Patterns and Determinants of Breast and Cervical Cancer Non-Screening Among Appalachian Women
Breast and cervical cancer account for nearly one-third of new cancer cases and one-sixth of cancer deaths. Cancer, the second leading cause of all deaths in the United States, will claim the lives of nearly 800,000 women this year, which is particularly unfortunate because effective modes of early detection could significantly reduce mortality from breast and cervical cancer. Researchers examined patterns of non-screening among Appalachian women. In-person interviews were conducted with 222 Appalachian women who fell outside of screening recommendations for timing of Pap tests and mammograms. These women, from six Appalachian counties, were participating in a group-randomized, multi-component trial aimed at increasing adherence to cancer screening recommendations. Results indicated that participants who were rarely or never screened for breast cancer were also likely to be rarely or never screened for cervical cancer. In addition, four key barriers were identified as independently and significantly associated with being rarely or never screened for both cervical and breast cancer. An improved understanding of cancer screening patterns plus the barriers underlying lack of screening may move researchers closer to developing effective interventions that facilitate women's use of screening.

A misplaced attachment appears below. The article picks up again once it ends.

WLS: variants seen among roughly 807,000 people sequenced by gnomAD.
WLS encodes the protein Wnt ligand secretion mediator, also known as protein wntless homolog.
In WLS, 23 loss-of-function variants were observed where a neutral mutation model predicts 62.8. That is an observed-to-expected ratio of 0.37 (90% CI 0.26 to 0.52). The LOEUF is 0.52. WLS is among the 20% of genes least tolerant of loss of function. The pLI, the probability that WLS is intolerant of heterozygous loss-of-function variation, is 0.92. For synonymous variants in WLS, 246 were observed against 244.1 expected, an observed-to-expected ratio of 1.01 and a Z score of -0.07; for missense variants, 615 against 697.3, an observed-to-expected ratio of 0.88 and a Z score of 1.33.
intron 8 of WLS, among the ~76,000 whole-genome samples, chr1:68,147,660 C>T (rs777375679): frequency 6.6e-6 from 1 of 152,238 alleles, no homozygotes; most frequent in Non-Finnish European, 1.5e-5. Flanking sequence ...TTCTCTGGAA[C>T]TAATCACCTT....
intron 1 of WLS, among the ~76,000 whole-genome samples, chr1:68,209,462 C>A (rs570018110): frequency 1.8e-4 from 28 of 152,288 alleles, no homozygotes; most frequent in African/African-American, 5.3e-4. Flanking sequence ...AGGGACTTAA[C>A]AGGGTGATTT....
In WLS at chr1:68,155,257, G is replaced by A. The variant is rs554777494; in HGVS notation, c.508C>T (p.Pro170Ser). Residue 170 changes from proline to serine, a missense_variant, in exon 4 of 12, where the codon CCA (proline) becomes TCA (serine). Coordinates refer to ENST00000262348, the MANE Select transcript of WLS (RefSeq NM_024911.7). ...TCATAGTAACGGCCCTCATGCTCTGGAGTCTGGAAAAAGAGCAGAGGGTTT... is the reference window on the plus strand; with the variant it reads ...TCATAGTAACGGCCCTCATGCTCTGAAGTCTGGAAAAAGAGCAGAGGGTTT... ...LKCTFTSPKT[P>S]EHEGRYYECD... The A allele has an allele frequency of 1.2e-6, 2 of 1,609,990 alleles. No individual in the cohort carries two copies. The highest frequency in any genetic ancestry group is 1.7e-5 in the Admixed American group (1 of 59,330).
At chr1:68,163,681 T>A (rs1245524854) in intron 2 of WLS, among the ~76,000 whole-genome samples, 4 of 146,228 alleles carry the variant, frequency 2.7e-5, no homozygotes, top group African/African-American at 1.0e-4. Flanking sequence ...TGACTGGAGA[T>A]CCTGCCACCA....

Digital Object Identifier (DOI)
Schoenberg, Nancy E.; Studts, Christina R.; Hatcher-Keller, Jenna; Buelt, Eliza; and Adams, Elwanda, "Patterns and Determinants of Breast and Cervical Cancer Non-Screening Among Appalachian Women" (2013). Behavioral Science Faculty Publications. Paper 6.